Titan

Ken Tapping, September 26, 2012

In the sky this week…

  • Mars and Saturn are low in the Southwest after dark.
  • Saturn is still close to the star Spica. Jupiter rises around 10 pm and Venus around 3 am.
  • The Moon will be Full on the 29th, the Harvest Moon.

Titan, the largest moon of the planet Saturn, was discovered in 1655 by Dutch astronomer Christiaan Huygens. He noted that unlike other moons he knew of, which were generally some shade of grey, Titan appeared pinkish in colour. We learned later that the odd colour is due to Titan being unique  compared with other moons in the Solar System in that it has a dense, foggy atmosphere.  Later measurements showed that Titan is big, with a diameter of   5149 km, compared with our moon’s 3475 km, and Earth’s 12,756 km. Titan is bigger than the planet Mercury, which has a diameter of 4879 km. Our access to such accurate values comes as the result of centuries of careful work.

Its uniqueness guaranteed that it would get special attention from space probes. First it was Pioneer 11, which sped past in 1979. This measured Titan’s temperature and gave a few fuzzy images. Titan proved to be very cold, which considering its distance from the Sun was not overly surprising. Then in 1980 and 81, Voyagers 1 and 2 passed by on their epic voyages to explore the Solar System. However, the cameras could only show a brownish-pink ball; they could not penetrate the fog.

The game changed completely in January, 2004. The Cassini spacecraft, named after Giovanni Cassini, who first studied Saturn and its Moons, was intended to go into orbit around Saturn and by using rocket thrusters to change its orbit, to have multiple close fly-bys of anything of interest in the Saturn system, including of course Titan. However, to make things even better, Cassini had a passenger, another spacecraft, called Huygens. This spacecraft would soft land on Titan, sending back data on the way down and from surface.

On 14 January Huygens landed successfully. On the way down it sent pictures showing a landscape with lakes and drainage channels or rivers. It landed in what looked like a dry river bed, with rounded pebbles, obviously shaped by liquid. The results from Huygens and numerous flybys by Cassini, which was equipped to map Titan through the clouds, showed a world with an atmosphere, wind, rain, lakes and rivers. There are even deserts with huge sand dunes. However, the temperature reported by Huygens was -180 C.  Obviously the liquid forming the rain, lakes and rivers cannot be water. From the composition of the atmosphere, liquid methane and ethane, both hydrocarbons, are good candidates. Just to make Titan seem even more exotic, the pebbles in the pictures sent back by Huygens are believed to be ice. At those temperatures, ice is just another rock mineral.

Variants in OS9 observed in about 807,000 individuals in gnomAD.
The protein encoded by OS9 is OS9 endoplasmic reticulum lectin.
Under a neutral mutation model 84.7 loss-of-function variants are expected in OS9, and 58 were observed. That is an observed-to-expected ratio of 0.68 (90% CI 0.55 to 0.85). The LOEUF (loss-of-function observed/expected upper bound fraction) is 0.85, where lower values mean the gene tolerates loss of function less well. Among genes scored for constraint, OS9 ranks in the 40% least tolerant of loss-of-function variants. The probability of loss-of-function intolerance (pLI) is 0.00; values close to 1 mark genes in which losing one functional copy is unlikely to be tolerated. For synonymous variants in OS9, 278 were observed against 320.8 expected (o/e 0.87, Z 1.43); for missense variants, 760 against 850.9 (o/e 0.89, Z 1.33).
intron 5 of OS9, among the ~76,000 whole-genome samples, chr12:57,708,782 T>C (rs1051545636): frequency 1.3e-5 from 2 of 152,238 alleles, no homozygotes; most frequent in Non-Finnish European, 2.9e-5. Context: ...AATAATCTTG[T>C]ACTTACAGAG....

Current ideas are that life forms from a particular mixture of chemicals that new-born worlds get from the material between the stars. On Earth that mixture is long-gone, but it is still there on frigid Titan. It would be very interesting to see how far along the road to life Titan has got. It could be there are life forms on Titan, but at those temperatures they won’t much like us. Our world would be an unsurvivable blast furnace to them, so I guess they won’t be invading our planet any time soon.

Ken Tapping is an astronomer with the National Research Council's Dominion Radio Astrophysical Observatory, Penticton,  BC, V2A 6J9.

Telephone: 250-497-2300
Fax: 250-497-2355
E-mailken.tapping@nrc-cnrc.gc.ca

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